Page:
We tend to keep a clipping pace during the summer months. Whether it’s road trips, camping expeditions, or adventures to nearby parks and recreation areas, there is always something on our radar. Why? It’s how we fully take in this one wild and precious life of ours.

Summer is good, crazy, awesome busy

So far this summer, we’ve camped a couple of times, visited off-the-beaten-path hot springs, hiked to waterfalls, rafted down a river, visited a new provincial park, and slid down ice-cold natural rock waterslides. We also road tripped the Oregon Coast, which was excellent, though more driving than we expected. We still plan to hike to Christie Falls and a ride down the soon-to-be-minted Okanagan Rail Trail.

All this is on top of working during the week so us adults can meet our professional deadlines.

Our neighbours give us looks of exhaustion when our car disappears for yet another weekend away. And truth be told, sometimes I feel exhausted too. We’ve gotten to the point, now halfway through summer holidays, where we have no clue what we’ll eat for supper every day, and the fridge is decidedly bare and empty.

Who has time for groceries when they’re out playing in the sun? We don’t. So, we sent the kids to daycare and camps this week with jam bagels and fridge scraps, nary a fruit or vegetable in sight.

Why? If we’re tired, why do we do it? Why do we keep this pace? Why bother?

I thought about this the other weekend while we hiked with friends from our campsite at Conkle Lake Provincial Park to a nearby waterfall.

As my 7-year-old waltzed down the wooded trail singing with abandon in nothing but her underwear and a costume cat tail (I kid you not), it struck me…

Adventure is our way of taking in this one wild and precious life of ours with eyes wide open. 

One wild and precious life | Eyes wide open

I mean, when else does THAT happen in my life? My kid walking around the forest in a feline costume en route to a gorgeous waterfall, that is. When else do I hear my feet crunch just so through twigs and pinecones as we wander down paths unknown? When else do I pause to really take in the sharp sweetness of a forest-foraged huckleberry? When else is my curiosity (and that of my children) piqued around every twist and turn?

One of our kids hiking just the way she likes it.

There is a certain intentionality in exploring. As we enter the moment fully, we notice things we wouldn’t otherwise. The burst of colour as a butterfly flutters past; the vibrant yellow of lilies on lily pads in calm, cool mountain lakes; the moment of awe when you see the waterfall crashing hundreds of feet down volcanic rock to a crystal clear pool below.

As we make space for adventure in our lives, we widen our experience of life itself. From the big, vast vistas to the tiniest of creatures, adventure causes us to take this one, wild and precious life with wide, open eyes.

In a strange way, adventure is rest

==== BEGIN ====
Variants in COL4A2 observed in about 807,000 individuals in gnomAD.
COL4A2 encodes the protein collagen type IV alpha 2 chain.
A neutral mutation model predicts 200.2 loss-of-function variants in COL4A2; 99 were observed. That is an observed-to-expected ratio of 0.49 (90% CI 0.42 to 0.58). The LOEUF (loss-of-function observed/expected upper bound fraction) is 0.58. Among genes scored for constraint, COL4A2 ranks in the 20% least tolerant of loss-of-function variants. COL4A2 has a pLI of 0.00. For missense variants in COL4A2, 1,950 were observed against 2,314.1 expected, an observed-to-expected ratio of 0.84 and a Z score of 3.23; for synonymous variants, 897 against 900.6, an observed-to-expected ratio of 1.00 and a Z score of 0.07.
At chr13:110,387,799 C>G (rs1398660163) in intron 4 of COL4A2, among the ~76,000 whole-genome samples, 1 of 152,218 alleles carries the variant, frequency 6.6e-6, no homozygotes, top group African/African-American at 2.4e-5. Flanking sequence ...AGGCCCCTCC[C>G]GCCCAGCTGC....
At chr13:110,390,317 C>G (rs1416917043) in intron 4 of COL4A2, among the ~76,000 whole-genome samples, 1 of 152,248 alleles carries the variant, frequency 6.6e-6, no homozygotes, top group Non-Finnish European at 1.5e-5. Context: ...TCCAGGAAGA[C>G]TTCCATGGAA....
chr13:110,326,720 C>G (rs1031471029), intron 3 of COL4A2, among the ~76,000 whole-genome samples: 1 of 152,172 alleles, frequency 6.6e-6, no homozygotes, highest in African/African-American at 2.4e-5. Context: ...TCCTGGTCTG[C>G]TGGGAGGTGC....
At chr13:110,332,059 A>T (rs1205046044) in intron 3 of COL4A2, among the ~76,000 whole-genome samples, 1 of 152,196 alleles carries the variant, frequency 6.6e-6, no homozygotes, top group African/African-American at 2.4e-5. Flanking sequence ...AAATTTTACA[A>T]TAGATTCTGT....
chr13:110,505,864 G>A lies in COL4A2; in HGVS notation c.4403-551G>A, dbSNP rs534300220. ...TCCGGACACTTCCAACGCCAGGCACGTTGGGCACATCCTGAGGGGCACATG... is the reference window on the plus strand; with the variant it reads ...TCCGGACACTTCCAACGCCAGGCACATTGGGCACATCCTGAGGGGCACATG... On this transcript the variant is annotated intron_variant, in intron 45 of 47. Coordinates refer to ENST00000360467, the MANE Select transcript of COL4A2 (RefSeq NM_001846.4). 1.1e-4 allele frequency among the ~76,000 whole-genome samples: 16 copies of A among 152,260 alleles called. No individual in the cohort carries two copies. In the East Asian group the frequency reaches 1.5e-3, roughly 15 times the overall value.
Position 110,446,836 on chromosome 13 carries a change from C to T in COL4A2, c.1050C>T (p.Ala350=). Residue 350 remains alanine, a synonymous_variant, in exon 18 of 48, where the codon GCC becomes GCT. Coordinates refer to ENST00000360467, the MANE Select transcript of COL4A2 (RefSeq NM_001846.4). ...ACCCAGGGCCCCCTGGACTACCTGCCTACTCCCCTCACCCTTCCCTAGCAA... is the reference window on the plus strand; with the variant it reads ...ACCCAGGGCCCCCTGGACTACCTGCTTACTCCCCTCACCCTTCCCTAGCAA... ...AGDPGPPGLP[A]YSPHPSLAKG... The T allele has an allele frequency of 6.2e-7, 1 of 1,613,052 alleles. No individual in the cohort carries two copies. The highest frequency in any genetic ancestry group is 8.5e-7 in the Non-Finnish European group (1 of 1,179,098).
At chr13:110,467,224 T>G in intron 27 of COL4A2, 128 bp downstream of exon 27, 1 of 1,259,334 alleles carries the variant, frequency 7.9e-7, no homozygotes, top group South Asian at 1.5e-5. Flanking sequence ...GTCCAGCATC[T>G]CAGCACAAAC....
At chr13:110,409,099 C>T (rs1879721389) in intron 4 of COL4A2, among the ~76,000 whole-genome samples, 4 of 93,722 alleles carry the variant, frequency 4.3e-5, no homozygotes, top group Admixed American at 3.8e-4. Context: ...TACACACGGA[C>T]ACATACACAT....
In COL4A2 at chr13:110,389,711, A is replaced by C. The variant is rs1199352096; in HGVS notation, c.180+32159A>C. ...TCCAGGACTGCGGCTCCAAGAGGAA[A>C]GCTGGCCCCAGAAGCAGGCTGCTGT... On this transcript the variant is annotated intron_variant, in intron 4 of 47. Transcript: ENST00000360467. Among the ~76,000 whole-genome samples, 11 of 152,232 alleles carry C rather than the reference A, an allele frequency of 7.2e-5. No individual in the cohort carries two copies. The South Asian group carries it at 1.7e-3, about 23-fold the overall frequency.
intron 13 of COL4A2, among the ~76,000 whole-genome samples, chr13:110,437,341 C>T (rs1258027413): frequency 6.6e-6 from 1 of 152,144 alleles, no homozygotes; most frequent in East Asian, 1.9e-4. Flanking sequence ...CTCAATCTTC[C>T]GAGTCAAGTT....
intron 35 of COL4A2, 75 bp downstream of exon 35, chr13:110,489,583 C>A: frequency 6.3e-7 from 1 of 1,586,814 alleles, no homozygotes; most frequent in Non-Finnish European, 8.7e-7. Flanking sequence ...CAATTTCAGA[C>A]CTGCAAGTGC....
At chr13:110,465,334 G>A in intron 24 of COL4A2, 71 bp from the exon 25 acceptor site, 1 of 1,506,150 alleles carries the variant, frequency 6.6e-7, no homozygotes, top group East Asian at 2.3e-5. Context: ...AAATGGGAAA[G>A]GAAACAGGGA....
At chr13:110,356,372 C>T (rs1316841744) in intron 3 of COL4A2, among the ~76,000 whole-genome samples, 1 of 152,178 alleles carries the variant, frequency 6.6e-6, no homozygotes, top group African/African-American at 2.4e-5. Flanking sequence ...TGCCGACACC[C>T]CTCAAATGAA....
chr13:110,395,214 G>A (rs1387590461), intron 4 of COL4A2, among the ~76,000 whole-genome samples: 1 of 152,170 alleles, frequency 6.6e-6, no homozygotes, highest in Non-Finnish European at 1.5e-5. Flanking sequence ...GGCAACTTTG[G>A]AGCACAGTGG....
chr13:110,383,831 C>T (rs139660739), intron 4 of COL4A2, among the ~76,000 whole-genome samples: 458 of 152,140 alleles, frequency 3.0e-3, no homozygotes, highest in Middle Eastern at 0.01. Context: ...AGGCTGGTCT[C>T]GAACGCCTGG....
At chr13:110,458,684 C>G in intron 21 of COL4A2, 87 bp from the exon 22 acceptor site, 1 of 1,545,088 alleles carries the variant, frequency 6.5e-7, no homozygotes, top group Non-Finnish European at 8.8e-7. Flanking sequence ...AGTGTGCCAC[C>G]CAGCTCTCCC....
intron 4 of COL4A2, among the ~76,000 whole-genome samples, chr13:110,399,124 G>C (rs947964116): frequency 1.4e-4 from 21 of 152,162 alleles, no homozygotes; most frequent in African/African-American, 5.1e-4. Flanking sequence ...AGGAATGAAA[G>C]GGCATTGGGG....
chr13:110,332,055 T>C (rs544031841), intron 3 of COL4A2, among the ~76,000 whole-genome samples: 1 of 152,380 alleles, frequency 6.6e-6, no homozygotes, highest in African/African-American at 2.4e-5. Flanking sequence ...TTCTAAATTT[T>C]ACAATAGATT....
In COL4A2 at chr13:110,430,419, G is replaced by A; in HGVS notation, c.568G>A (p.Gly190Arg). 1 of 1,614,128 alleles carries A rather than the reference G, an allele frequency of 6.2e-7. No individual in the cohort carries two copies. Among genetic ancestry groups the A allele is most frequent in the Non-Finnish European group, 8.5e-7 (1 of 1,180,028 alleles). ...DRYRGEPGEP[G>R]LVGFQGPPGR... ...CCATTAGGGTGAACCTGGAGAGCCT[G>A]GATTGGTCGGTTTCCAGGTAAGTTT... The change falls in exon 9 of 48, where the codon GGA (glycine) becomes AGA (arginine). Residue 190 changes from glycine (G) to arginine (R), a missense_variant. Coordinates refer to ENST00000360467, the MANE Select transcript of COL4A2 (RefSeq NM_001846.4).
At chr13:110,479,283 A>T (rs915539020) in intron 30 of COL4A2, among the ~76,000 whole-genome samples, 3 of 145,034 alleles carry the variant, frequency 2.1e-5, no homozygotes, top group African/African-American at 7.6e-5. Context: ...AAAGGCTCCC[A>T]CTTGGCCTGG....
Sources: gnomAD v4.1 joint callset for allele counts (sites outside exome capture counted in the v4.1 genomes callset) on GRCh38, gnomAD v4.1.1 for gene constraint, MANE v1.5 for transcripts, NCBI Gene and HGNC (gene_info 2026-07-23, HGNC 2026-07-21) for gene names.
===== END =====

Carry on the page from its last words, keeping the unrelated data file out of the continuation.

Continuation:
It takes a certain hectic frenzy to ready ourselves for an adventure. We pack our Honda Fit to the brim with luggage and camping gear; we cross of grocery lists and pack our cooler as full as we can. And that’s not even getting to the swimming suits and towels and clothes and paraphernalia a family of five needs.

But when we’re off, we’re off.

Adventuring is a bit like Sabbath for me. It causes me to stop and remember that right here in the middle of it all we can take the time to pause and enjoy each other and the world more fully. Once we’re out the door, we stop thinking about the dishwasher we forgot to empty before leaving, or the pile of clean laundry that needs to be folded, or the perpetual to-do-list of home improvements weighing on our minds.

As paradoxical as it sounds, when we adventure, we end up creating space for much-needed rest.

The great adventure – seizing each moment

The ins and outs of every day, normal life, are good and necessary and we will head into September like the best of them more than ready for a new school year and a calmer rhythm. We’ll welcome the routine of the school bell and consistent bedtimes and swimming lessons and a Monday to Friday schedule.

But this season of exploration is good too.

It occurs to me that as we choose adventure, we have to say no to other things. You have to make the space to go, actually booking time off the calendar and not letting the stress of the “what ifs” win.

To go, you first have to let go.

The journey itself, the exploring, the adventure, is meditative in a way. We focus on what is immediately before us – the open road, the hiking trail, the blooming flower, the deer, the river, the waterfall, the gorge, the beach, the mountain. Moment by moment, we take it in.

Rush adventure? No way! Instead, we pause to drink it in. Drop by drop, we embrace the joy, the richness, the beauty of each moment.

So. Even though summer is busy, it also gives moments to see life as we’ve not seen it before, to consider the world and our lives from a different vantage point.

The Oregon Coast as seen from the top of Devil’s Punchbowl.
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